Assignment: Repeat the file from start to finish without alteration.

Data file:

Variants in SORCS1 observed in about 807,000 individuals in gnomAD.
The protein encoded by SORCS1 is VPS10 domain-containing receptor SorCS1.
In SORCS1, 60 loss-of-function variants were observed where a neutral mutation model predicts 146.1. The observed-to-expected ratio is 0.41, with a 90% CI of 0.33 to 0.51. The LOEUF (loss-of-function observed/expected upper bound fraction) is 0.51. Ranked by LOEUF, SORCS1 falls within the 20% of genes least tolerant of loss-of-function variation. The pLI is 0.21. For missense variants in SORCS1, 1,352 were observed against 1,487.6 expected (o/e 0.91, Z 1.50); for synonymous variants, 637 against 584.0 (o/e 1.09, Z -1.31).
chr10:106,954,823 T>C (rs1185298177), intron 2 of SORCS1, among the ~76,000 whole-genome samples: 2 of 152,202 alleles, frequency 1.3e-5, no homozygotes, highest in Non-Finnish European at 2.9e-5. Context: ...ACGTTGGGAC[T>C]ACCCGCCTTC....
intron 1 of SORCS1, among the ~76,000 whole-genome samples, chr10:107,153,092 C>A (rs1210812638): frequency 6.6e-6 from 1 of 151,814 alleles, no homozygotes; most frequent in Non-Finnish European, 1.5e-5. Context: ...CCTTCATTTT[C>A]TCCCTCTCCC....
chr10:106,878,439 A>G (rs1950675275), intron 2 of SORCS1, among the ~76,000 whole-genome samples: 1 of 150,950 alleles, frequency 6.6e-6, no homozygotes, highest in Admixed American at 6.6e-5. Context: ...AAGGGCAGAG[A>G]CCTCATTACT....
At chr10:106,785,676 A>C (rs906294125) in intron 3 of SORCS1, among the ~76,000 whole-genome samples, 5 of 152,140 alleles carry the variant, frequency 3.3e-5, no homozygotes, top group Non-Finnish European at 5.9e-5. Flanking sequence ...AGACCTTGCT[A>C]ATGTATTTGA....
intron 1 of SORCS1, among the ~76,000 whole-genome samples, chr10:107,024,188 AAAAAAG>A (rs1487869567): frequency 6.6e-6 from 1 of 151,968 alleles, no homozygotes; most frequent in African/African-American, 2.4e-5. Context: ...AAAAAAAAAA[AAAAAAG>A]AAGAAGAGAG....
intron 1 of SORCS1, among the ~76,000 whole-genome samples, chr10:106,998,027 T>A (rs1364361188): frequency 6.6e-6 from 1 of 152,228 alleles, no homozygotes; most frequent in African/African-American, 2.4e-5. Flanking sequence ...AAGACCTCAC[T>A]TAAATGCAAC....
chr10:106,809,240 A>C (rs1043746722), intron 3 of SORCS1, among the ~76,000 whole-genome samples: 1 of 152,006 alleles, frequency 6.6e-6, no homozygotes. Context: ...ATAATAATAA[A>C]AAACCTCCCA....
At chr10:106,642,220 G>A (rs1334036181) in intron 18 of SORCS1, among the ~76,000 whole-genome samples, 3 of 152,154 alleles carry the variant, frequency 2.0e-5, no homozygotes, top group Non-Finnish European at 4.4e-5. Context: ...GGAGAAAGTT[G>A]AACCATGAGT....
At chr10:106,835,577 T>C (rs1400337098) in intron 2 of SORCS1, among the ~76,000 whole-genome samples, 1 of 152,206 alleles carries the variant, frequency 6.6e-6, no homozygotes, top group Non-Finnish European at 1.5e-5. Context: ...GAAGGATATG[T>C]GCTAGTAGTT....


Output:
Variants in SORCS1 observed in about 807,000 individuals in gnomAD.
The protein encoded by SORCS1 is VPS10 domain-containing receptor SorCS1.
In SORCS1, 60 loss-of-function variants were observed where a neutral mutation model predicts 146.1. The observed-to-expected ratio is 0.41, with a 90% CI of 0.33 to 0.51. The LOEUF (loss-of-function observed/expected upper bound fraction) is 0.51. Ranked by LOEUF, SORCS1 falls within the 20% of genes least tolerant of loss-of-function variation. The pLI is 0.21. For missense variants in SORCS1, 1,352 were observed against 1,487.6 expected (o/e 0.91, Z 1.50); for synonymous variants, 637 against 584.0 (o/e 1.09, Z -1.31).
chr10:106,954,823 T>C (rs1185298177), intron 2 of SORCS1, among the ~76,000 whole-genome samples: 2 of 152,202 alleles, frequency 1.3e-5, no homozygotes, highest in Non-Finnish European at 2.9e-5. Context: ...ACGTTGGGAC[T>C]ACCCGCCTTC....
intron 1 of SORCS1, among the ~76,000 whole-genome samples, chr10:107,153,092 C>A (rs1210812638): frequency 6.6e-6 from 1 of 151,814 alleles, no homozygotes; most frequent in Non-Finnish European, 1.5e-5. Context: ...CCTTCATTTT[C>A]TCCCTCTCCC....
chr10:106,878,439 A>G (rs1950675275), intron 2 of SORCS1, among the ~76,000 whole-genome samples: 1 of 150,950 alleles, frequency 6.6e-6, no homozygotes, highest in Admixed American at 6.6e-5. Context: ...AAGGGCAGAG[A>G]CCTCATTACT....
At chr10:106,785,676 A>C (rs906294125) in intron 3 of SORCS1, among the ~76,000 whole-genome samples, 5 of 152,140 alleles carry the variant, frequency 3.3e-5, no homozygotes, top group Non-Finnish European at 5.9e-5. Flanking sequence ...AGACCTTGCT[A>C]ATGTATTTGA....
intron 1 of SORCS1, among the ~76,000 whole-genome samples, chr10:107,024,188 AAAAAAG>A (rs1487869567): frequency 6.6e-6 from 1 of 151,968 alleles, no homozygotes; most frequent in African/African-American, 2.4e-5. Context: ...AAAAAAAAAA[AAAAAAG>A]AAGAAGAGAG....
intron 1 of SORCS1, among the ~76,000 whole-genome samples, chr10:106,998,027 T>A (rs1364361188): frequency 6.6e-6 from 1 of 152,228 alleles, no homozygotes; most frequent in African/African-American, 2.4e-5. Flanking sequence ...AAGACCTCAC[T>A]TAAATGCAAC....
chr10:106,809,240 A>C (rs1043746722), intron 3 of SORCS1, among the ~76,000 whole-genome samples: 1 of 152,006 alleles, frequency 6.6e-6, no homozygotes. Context: ...ATAATAATAA[A>C]AAACCTCCCA....
At chr10:106,642,220 G>A (rs1334036181) in intron 18 of SORCS1, among the ~76,000 whole-genome samples, 3 of 152,154 alleles carry the variant, frequency 2.0e-5, no homozygotes, top group Non-Finnish European at 4.4e-5. Context: ...GGAGAAAGTT[G>A]AACCATGAGT....
At chr10:106,835,577 T>C (rs1400337098) in intron 2 of SORCS1, among the ~76,000 whole-genome samples, 1 of 152,206 alleles carries the variant, frequency 6.6e-6, no homozygotes, top group Non-Finnish European at 1.5e-5. Context: ...GAAGGATATG[T>C]GCTAGTAGTT....